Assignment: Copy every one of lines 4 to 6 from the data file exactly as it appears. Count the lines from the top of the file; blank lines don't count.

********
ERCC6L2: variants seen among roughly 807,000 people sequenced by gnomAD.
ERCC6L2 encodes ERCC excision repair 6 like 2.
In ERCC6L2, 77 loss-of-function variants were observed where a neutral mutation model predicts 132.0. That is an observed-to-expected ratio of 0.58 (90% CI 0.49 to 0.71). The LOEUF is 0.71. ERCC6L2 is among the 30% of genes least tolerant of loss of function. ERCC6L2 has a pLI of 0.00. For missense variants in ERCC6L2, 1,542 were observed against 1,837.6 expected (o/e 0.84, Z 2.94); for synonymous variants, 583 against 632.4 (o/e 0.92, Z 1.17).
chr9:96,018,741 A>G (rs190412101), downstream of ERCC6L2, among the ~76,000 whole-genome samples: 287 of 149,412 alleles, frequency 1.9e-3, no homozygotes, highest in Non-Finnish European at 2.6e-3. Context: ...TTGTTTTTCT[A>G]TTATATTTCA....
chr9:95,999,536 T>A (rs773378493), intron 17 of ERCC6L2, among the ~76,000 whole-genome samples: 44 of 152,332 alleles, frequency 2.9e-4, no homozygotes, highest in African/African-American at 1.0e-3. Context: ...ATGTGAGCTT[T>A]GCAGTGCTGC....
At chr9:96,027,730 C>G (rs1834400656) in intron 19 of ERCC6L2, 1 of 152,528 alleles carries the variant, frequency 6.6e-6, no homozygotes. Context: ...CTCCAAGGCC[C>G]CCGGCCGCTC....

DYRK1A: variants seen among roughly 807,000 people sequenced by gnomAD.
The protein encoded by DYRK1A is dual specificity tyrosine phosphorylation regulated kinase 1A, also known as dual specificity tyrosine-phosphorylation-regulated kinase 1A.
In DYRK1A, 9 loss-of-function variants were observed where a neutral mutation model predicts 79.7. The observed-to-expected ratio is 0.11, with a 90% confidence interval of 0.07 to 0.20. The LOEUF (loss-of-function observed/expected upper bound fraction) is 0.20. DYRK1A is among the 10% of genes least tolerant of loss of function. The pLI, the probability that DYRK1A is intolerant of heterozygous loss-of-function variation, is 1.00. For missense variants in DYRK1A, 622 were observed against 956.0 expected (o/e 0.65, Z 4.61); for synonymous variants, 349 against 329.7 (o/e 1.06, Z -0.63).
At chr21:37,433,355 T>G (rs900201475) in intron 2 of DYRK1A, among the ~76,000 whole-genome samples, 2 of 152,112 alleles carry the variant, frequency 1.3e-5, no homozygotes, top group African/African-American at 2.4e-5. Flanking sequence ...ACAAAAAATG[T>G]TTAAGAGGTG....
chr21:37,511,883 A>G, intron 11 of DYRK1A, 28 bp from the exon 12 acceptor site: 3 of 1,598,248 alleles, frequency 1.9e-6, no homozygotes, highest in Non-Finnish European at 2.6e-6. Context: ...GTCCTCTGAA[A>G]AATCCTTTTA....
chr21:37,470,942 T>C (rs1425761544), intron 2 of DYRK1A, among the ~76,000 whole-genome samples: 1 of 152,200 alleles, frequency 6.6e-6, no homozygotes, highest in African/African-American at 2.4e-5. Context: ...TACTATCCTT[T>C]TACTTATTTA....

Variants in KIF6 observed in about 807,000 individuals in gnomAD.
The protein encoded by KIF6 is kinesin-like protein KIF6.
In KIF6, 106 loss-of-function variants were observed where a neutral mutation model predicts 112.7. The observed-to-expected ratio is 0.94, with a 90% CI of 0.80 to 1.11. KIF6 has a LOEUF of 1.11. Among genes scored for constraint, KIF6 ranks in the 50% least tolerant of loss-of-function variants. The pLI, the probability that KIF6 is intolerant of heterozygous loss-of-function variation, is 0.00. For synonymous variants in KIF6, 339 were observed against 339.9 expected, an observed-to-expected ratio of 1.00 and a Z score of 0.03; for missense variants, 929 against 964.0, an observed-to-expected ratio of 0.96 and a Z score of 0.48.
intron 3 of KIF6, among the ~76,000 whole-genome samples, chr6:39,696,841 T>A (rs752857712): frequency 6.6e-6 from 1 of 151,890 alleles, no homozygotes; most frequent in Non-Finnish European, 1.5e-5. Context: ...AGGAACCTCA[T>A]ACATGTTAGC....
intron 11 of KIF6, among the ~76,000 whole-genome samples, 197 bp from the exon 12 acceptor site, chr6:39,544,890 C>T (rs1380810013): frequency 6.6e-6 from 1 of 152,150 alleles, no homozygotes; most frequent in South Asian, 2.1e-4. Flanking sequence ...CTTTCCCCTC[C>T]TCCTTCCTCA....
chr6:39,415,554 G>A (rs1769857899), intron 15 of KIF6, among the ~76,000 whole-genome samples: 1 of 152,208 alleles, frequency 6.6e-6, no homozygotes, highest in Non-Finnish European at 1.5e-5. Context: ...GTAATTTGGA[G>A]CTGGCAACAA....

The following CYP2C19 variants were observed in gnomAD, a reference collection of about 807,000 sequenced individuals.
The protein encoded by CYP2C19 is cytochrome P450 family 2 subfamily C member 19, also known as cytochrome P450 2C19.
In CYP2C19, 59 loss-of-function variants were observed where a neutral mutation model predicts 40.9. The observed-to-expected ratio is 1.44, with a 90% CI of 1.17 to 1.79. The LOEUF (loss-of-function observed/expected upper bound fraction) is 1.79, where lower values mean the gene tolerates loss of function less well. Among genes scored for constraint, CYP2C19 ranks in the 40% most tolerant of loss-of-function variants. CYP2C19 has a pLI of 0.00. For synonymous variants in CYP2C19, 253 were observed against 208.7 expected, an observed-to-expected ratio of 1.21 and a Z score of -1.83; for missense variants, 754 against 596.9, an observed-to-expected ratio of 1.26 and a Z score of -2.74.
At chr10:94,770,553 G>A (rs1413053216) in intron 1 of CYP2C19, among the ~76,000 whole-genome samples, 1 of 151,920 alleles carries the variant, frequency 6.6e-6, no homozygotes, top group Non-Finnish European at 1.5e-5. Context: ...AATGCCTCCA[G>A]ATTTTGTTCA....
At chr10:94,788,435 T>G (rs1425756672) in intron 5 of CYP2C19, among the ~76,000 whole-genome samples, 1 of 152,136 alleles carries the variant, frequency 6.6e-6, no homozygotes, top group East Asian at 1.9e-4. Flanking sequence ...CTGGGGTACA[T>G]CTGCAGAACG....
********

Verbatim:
chr9:96,018,741 A>G (rs190412101), downstream of ERCC6L2, among the ~76,000 whole-genome samples: 287 of 149,412 alleles, frequency 1.9e-3, no homozygotes, highest in Non-Finnish European at 2.6e-3. Context: ...TTGTTTTTCT[A>G]TTATATTTCA....
chr9:95,999,536 T>A (rs773378493), intron 17 of ERCC6L2, among the ~76,000 whole-genome samples: 44 of 152,332 alleles, frequency 2.9e-4, no homozygotes, highest in African/African-American at 1.0e-3. Context: ...ATGTGAGCTT[T>A]GCAGTGCTGC....
At chr9:96,027,730 C>G (rs1834400656) in intron 19 of ERCC6L2, 1 of 152,528 alleles carries the variant, frequency 6.6e-6, no homozygotes. Context: ...CTCCAAGGCC[C>G]CCGGCCGCTC....